After setting up your environment, your fingers might be itchy to start writing code. Hold on there, it is not yet time, Lets take a tour of the IDE itself. You will not see code in this Part 2.
After setting up your environment, your fingers might be itchy to start writing code. Hold on there, it is not yet time, lets take a tour of the IDE itself. You will not see code in this Part 2.
The main objective is to get you familiar with the environment that you just prepared in the previous part of this article. This will be a tour that will guide you on where to get what you need once you start writing code.
If you have been developing before, you have probably used IDE’s like Visual Studio most of the IDE’s are build the same way or built with the same objective, which is to make a development easy and seamless. Eclipse was not created only for Android, there are many things that are in the IDE but cannot be used for Android development. This article will try to give you the basics on what you need to know to get started other things will be learned as you explore the IDE.
In the horizontal men bar there are different options that are presented to the developer, but they should not confuse you, as they are not all useful for an Android developer. Menu bar is flipped to appear vertically so we can have a better and clearer view of the menu bar. Diagrams are numbered so we can know which is we are referring to.
Below is the table that describe briefly what each button on the tool bar does. At the top of the menu bar, there is a menu which works the same way as other IDE’s you have used before, I will not explain that, it is just basics.
Create a New Android Project
After you have installed all software needed to get started, once needs to do one last thing which does not take long to get started. If you start Clicking on a new Project button numbered 1 in figure 1.1, you will notice that there is no option to create an Android Project. As stated earlier in this and previous article that Eclipse is not out of the box an Android IDE , one need to add a few things to make it work. The next step you need to install the Android Plugin for Eclipse. This can be done by following the steps below.
Select the Help menu item and choose “Install New Software”
A dialog box will appear. In the “Work with” box enter the following URL https://dl.google.com/eclipse/plugin/4.4 and below a list of plugins will appear. Select all of and click Finish and the Android plugins will be installed. After installation you will be prompted to restart Eclipse, agree to that you will be ready for our next Step which is to create a new Project
Creating a New Project
Now that we have installed all the necessary software and plugins our Eclipse development environment is ready for development. The First thing to do is to click our first button which gives us an option to create different kinds of Projects as depicted in Figure 1.4
You will see an Android option will now appear, but with lots of Options. We will look into some of them because you will not use all of these options.
Other options are skipped as they are self-explanatory.
You can select “Android Application Project” option and click next, a dialog box will appear as depicted in figure 1.5
The First requirement here, is the name of your application, Article has “HelloWorld” and the Project Name is the same as the app name. The Package name is the name of the Installation File. If you were to publish this to the market, this will be the name. The name start with com separated by a dot and followed by a Company name and lastly the name of the application. If you don’t have a company, you can just add your name without spaces.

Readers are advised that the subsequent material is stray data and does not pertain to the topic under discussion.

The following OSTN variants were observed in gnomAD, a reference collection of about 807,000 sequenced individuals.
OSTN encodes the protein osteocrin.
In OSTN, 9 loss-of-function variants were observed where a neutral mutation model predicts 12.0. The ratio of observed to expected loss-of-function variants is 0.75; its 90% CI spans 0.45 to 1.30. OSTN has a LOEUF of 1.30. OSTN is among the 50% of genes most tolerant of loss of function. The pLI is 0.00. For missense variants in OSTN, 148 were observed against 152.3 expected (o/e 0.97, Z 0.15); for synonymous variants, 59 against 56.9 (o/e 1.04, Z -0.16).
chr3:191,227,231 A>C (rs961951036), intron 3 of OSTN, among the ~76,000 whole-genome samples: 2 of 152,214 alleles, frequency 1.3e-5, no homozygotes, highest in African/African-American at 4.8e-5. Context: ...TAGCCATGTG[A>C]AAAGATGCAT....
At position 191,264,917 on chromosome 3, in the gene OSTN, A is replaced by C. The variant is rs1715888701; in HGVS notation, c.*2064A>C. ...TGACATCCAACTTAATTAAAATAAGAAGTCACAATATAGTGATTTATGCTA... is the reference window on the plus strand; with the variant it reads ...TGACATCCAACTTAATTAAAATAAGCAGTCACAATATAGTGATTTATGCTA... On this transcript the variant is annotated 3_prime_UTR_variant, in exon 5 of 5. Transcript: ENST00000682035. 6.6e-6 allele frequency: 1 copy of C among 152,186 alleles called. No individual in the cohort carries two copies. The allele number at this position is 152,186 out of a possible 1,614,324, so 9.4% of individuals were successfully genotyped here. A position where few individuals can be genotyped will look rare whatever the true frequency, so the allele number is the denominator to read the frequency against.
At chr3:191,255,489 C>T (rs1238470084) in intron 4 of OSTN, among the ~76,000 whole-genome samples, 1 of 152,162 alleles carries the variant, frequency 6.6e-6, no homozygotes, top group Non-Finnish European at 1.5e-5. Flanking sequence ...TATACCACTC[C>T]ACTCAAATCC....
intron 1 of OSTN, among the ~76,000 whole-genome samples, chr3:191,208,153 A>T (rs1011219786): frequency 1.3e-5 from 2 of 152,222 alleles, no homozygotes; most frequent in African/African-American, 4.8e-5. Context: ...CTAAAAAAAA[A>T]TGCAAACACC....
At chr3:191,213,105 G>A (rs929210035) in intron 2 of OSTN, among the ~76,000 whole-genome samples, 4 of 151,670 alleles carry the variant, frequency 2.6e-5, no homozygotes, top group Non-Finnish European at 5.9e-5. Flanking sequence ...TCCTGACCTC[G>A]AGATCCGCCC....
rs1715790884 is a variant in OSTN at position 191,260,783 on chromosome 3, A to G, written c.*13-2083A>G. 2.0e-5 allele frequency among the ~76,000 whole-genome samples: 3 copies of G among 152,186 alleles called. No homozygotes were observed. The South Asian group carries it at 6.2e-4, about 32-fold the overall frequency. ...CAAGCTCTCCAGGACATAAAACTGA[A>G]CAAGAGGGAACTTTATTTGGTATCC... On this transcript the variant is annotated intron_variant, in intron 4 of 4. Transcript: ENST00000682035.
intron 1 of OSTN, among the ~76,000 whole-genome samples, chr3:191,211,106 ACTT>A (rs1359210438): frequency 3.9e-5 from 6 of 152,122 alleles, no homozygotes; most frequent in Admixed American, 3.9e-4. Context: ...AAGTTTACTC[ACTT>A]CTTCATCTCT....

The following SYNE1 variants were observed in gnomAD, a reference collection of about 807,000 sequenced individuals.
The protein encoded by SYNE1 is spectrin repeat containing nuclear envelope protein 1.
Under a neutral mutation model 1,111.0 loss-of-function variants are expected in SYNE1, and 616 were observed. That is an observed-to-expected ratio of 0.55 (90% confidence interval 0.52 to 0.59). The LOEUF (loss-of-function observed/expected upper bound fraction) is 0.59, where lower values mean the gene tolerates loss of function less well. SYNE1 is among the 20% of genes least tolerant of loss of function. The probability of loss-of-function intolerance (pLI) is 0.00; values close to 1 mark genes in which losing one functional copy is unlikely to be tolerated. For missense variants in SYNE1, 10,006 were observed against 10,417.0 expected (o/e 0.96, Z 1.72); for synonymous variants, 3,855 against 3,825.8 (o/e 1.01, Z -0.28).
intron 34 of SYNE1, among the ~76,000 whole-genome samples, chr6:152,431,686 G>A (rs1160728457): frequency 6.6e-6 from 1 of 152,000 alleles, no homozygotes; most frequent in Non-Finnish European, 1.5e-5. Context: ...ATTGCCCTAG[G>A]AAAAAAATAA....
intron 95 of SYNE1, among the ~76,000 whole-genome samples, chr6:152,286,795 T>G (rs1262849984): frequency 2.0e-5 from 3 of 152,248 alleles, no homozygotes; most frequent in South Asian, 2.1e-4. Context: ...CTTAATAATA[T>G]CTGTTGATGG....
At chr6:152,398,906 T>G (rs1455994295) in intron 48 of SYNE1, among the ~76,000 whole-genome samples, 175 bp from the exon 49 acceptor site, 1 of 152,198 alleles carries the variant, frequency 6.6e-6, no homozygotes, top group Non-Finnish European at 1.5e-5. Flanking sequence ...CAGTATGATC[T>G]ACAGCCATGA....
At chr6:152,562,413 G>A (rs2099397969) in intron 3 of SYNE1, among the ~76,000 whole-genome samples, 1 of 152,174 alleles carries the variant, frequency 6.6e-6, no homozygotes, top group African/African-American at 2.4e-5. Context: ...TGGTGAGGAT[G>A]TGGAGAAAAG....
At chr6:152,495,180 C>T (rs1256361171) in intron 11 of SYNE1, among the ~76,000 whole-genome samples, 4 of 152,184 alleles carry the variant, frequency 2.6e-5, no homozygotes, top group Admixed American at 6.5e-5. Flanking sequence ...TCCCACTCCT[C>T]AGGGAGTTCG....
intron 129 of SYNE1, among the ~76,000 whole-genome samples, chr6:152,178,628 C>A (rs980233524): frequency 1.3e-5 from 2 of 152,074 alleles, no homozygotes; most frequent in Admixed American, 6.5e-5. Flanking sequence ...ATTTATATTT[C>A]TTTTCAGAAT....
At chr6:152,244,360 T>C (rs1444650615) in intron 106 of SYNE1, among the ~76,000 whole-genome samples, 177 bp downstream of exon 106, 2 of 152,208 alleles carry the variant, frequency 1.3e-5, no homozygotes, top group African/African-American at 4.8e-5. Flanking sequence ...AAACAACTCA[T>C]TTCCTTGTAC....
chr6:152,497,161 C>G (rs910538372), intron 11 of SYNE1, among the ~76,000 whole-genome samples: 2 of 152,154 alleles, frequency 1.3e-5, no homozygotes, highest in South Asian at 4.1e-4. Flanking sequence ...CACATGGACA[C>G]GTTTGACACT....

In the part 1 of this series we were installation the sdk’ s that we wanted to target and here they play a big Role. There is a Minimum SDK that we want to target and also maximum which is selected in Target SDK. We have also theme which is irrelevant if one uses his own template.
Click next and the dialog box will appear as depicted in Figure 1.6
Eclipse will create a workspace for you, where you can have multiple project that are not conflicting with each other, it will also create an Activity , your MainActivity and also it can give you an Option to create this project as a library that can be reused in other Projects.
Click Next to move on the screen where we generate the Drawables, which are the images and icons for the app as depicted in figure 1.7
Figure 1.8 depicts the option for the developer to upload the icon and the Eclipse will generate different sizes of that image. This is required when one need to install the app in different devices of difference sizes. Also every app is required to have this before it gets submitted to the stores.
Click Next to choose the Type of Activity you want as depicted in Figure 1.8
Figure 1.9 gives a developer an Option to create a black Activity (screen), Blank Activity with some Fragments. A Fragment is a User control in asp.net. It get rendered inside the Activity and it has its own lifecycle. There are many options there that one can choose from, but for now let’s choose the Blank Activity.
Click next to give the activity a name as depicted in Figure 1.9
Figure 1.10 depicted an option for the developer to give the Activity or Screen or page whatever you want to call it, a name. But I rather let it remain like this and click finish.
A Project will be created as depicted on the Solution Explorer or Project Explorer as depicted in figure 1.10
As you can see the File Structure is not a simple and clear one, in the next article, I will explain the file structure and tell you where to find what you need.
This was the simple introduction on how to get started, on the next part of this article we will explain the file structure and also show you how to run this Project on your Phone and also we will create a virtual phone where we can deploy our app and test it on our development machines.